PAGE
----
UNICEF Nigeria warns millions at risk of water contamination

On the occasion of the commemoration of World Water Day, UNICEF raises concerns about Nigeria, where it is estimated that 70% of water at the point of consumption is contaminated.

The UN agency said the contamination is the reason Nigeria has the highest number of deaths from waterborne diseases among children under five.

Nearby temporary shelters are the norm at IDP sites, such as Kuchigoro camp in Abuja.

Camp officials say up to 3,000 displaced people live in Kuchigoro after fleeing Boko Haram attacks in their homes. But access to water is a daily struggle, says Bitrus Yusuf, a camp official.

“Our women usually go to nearby properties to fetch water, begging for water,” Yusuf said. “We badly need water for our daily use. As you can see, the camp is compacted.”

Yusuf says cluttered tents and lack of access to water and good hygiene make the camp prone to disease.

He says cholera outbreaks are recurrent and other illnesses like dysentery or diarrhea are also common.

Last August, around 40 cases of cholera were reported and camp officials said at least 10 people had died, including Istifanus Bitrus’ four-year-old son.

“It affected two of my children, but one eventually died on the way to the hospital,” Bitrus said. “The other one was treated in hospital, people helped me with money and he got better.”

A young boy uses his shirt to dry water dripping from the bucket on his face, in Kano, northern Nigeria, February 19, 2019.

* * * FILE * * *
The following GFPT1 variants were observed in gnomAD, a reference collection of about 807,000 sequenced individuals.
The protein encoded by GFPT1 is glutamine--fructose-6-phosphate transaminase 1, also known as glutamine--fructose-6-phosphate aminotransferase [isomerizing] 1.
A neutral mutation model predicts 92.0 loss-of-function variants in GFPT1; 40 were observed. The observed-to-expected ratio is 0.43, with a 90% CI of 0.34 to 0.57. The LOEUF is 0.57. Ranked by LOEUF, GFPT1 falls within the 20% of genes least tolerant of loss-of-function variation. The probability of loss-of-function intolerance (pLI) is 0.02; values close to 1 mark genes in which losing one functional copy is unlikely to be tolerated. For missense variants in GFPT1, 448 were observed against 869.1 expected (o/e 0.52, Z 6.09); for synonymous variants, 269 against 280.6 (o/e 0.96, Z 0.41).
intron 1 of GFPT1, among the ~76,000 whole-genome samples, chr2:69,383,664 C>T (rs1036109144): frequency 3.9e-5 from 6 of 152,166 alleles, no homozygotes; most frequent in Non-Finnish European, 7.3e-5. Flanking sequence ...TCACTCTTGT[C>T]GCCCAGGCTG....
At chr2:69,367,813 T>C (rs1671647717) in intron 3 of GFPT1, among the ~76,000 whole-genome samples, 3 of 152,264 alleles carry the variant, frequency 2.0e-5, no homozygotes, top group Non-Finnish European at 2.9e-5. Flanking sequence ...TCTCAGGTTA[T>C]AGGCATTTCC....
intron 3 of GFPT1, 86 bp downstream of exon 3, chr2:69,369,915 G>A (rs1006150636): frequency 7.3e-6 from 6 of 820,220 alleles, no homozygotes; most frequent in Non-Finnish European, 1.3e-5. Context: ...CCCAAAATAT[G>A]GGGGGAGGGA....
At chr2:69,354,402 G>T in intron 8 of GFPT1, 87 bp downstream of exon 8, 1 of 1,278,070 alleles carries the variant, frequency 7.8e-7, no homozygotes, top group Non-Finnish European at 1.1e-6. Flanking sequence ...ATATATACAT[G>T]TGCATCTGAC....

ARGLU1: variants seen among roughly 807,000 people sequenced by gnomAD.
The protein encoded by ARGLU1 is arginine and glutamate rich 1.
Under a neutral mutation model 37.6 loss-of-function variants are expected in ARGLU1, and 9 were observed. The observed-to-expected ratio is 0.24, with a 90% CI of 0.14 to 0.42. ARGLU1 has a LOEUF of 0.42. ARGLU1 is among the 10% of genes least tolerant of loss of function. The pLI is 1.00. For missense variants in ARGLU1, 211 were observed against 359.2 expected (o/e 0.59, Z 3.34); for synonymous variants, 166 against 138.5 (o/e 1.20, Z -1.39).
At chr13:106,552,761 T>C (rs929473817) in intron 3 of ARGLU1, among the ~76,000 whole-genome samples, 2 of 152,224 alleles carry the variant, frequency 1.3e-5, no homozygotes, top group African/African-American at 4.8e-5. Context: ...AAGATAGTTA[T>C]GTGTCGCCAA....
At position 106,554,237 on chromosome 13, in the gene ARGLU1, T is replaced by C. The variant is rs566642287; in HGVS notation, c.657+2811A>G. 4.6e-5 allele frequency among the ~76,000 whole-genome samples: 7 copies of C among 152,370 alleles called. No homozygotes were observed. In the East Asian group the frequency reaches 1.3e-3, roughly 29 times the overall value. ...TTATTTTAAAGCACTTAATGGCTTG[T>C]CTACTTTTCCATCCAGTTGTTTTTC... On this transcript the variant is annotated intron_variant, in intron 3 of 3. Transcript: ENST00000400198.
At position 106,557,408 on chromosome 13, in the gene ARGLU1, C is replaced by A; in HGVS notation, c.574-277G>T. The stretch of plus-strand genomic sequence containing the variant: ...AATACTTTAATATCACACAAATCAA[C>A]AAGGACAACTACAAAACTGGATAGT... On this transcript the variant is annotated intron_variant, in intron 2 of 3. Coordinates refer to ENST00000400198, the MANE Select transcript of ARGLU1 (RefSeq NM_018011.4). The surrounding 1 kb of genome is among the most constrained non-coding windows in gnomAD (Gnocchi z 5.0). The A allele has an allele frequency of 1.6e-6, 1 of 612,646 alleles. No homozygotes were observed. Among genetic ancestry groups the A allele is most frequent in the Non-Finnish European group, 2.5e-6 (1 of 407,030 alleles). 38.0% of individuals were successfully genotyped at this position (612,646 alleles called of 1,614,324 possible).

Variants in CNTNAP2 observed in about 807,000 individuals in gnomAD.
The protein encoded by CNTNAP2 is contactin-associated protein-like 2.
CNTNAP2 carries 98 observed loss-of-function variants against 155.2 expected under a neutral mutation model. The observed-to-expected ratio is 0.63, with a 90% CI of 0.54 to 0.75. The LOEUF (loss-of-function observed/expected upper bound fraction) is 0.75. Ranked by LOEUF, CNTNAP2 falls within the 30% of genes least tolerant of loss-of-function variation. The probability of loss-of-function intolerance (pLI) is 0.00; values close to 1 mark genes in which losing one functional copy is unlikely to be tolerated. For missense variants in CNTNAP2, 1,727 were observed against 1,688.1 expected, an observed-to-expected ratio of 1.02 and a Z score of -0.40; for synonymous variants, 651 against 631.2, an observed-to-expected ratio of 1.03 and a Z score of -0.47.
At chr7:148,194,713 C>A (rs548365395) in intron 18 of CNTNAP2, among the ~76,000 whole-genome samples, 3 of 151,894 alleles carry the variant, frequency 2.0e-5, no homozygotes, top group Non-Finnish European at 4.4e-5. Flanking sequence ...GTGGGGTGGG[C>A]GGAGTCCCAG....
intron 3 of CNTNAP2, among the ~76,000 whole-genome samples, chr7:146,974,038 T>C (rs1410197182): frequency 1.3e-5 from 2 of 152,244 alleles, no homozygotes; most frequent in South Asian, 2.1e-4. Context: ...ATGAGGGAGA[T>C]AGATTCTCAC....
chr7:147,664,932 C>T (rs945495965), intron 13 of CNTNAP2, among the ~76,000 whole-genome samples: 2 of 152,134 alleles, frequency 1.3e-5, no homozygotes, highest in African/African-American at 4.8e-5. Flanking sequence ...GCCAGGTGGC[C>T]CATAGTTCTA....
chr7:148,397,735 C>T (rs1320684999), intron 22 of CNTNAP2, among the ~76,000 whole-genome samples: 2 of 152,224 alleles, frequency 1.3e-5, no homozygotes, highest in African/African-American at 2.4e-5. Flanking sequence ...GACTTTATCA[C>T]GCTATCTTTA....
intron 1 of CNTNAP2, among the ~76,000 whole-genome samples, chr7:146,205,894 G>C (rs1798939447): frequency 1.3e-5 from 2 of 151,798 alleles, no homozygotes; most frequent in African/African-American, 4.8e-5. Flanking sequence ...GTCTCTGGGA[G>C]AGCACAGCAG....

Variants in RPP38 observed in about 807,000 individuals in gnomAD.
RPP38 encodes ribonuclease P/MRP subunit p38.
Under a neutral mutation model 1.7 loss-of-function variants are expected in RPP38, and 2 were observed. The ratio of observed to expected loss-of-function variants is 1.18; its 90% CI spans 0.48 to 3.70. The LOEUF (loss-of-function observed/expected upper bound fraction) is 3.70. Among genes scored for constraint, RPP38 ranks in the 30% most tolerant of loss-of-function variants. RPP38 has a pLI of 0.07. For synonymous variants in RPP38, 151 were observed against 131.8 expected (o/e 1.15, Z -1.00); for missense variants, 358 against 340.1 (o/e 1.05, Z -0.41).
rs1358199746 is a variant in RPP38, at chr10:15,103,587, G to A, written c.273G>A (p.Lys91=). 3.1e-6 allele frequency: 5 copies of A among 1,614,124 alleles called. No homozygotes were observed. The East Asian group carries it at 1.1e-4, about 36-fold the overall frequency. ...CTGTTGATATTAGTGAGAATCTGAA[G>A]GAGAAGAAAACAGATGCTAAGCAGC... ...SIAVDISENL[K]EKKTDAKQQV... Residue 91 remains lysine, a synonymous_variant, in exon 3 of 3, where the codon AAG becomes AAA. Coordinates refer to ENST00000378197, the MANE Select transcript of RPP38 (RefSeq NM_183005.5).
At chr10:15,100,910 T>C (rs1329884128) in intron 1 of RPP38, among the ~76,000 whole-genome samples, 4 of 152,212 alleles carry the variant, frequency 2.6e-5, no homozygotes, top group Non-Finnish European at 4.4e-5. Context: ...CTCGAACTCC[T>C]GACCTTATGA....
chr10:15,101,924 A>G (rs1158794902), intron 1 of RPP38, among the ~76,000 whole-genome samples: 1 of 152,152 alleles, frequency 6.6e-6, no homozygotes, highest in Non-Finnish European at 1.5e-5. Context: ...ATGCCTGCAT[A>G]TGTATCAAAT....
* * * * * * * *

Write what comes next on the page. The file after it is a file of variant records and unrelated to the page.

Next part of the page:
Camp officials said the cholera outbreak was later caused by sewage leaks into the camp’s only water source.

UNICEF said 70% of water at the point of consumption is contaminated and children are the most affected.

As a result, UNICEF says 117,000 children die each year in Nigeria from water-related diseases – the highest number of any country.

Jane Bevan is UNICEF’s Water, Sanitation and Hygiene, or WASH, program manager.

“If there is no constraint on open defecation, for example people defecate in streams and on the surface, this contamination will inevitably seep into groundwater,” said Bevan. “So the only answer really is to treat the water safely before it’s consumed and ideally to reduce open defecation as much as possible.”

Nigerian authorities have tried to improve access to water, but experts said authorities also need to improve water hygiene.

The first-ever UN assessment of water security in Africa, released on Monday, shows that half a billion people live in areas designated as being at risk from water supplies, including Nigeria.

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